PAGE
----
LETTER: Why isn’t pressure put on Canada Post to negotiate in good faith?

Dear Editor:

Why isn’t pressure put on Canada Post to negotiate in good faith? Why must the Crown agency make a profit when they are intended to provide a service? Should not the service come before profit?

If Canada Post workers are receiving “…disabling workplace injuries — at a rate more than five times that in other federally regulated work,” why isn’t this a health and safety issue? The issue of on-the-job injury isn’t a negotiable contract issue. Why isn’t the federal government stepping in immediately? 

Note that the majority of RSMCs are women who make 28 per cent less than men. Sounds like a convenient math solution for Canada Post. So much for the mandate by Status of Women Canada.
By denying the CUPW the right to strike because of the disruption to service prior to Christmas denies them the leverage they need to negotiate. With back to work legislation, the pressure to negotiate is taken off Canada Post. With the pressure put equally on Canada Post, the settlement may have come more quickly. Canada Post offered $1,000 per worker to stop strike activity until February because that would take the leverage away from CUPW.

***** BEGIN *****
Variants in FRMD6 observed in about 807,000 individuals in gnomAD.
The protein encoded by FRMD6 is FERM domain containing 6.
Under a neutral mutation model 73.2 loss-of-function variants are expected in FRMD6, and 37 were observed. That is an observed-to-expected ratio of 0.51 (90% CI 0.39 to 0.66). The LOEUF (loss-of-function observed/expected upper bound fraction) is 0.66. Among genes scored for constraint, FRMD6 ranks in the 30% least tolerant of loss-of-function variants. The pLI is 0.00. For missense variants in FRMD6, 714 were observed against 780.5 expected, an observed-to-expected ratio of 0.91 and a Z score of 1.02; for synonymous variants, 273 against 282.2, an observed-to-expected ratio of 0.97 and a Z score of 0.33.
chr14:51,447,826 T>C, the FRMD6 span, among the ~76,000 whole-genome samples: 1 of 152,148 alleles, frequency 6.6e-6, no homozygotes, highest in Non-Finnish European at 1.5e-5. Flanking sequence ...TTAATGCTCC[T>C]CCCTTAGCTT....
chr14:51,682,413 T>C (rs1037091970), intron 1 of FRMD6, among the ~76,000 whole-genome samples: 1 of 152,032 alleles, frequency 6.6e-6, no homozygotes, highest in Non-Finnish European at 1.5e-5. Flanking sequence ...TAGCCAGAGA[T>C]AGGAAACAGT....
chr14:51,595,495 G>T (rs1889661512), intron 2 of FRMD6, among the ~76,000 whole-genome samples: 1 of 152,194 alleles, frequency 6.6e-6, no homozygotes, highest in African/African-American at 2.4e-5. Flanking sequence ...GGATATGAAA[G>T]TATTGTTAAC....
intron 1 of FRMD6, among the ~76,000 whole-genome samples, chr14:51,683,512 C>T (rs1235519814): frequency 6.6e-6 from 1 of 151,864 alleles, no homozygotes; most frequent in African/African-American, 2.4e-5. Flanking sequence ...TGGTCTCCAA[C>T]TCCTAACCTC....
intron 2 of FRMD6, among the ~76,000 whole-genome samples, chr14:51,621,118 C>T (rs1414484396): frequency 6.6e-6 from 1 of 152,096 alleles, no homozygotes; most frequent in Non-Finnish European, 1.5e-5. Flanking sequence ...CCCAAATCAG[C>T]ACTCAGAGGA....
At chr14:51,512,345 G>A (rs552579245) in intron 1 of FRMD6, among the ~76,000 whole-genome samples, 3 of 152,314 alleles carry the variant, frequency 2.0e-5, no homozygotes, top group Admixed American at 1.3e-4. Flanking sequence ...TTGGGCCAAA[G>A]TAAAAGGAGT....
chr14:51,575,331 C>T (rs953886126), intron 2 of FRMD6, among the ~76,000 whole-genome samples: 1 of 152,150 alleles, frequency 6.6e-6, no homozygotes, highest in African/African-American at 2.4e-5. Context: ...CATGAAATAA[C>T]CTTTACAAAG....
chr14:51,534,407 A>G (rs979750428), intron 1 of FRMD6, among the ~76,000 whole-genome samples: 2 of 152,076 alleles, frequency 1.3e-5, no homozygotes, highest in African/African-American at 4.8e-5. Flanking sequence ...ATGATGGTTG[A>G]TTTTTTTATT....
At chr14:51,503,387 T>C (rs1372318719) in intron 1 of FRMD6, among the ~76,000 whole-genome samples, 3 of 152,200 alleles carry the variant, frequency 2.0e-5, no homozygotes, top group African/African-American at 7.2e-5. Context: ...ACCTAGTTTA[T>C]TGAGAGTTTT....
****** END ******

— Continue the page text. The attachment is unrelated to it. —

And the Canadian government condones all of the above. Next, Canada Post will expect employees to work a minimum wage with tips. Is that what we expect from our government? Are they truly looking after our well-being?
The argument by the Fraser Institute against the public service is that they get higher wages and better benefits than the private sector. Perhaps the private sector should be getting the same as the public sector.

Byron Bona
Deep Cove

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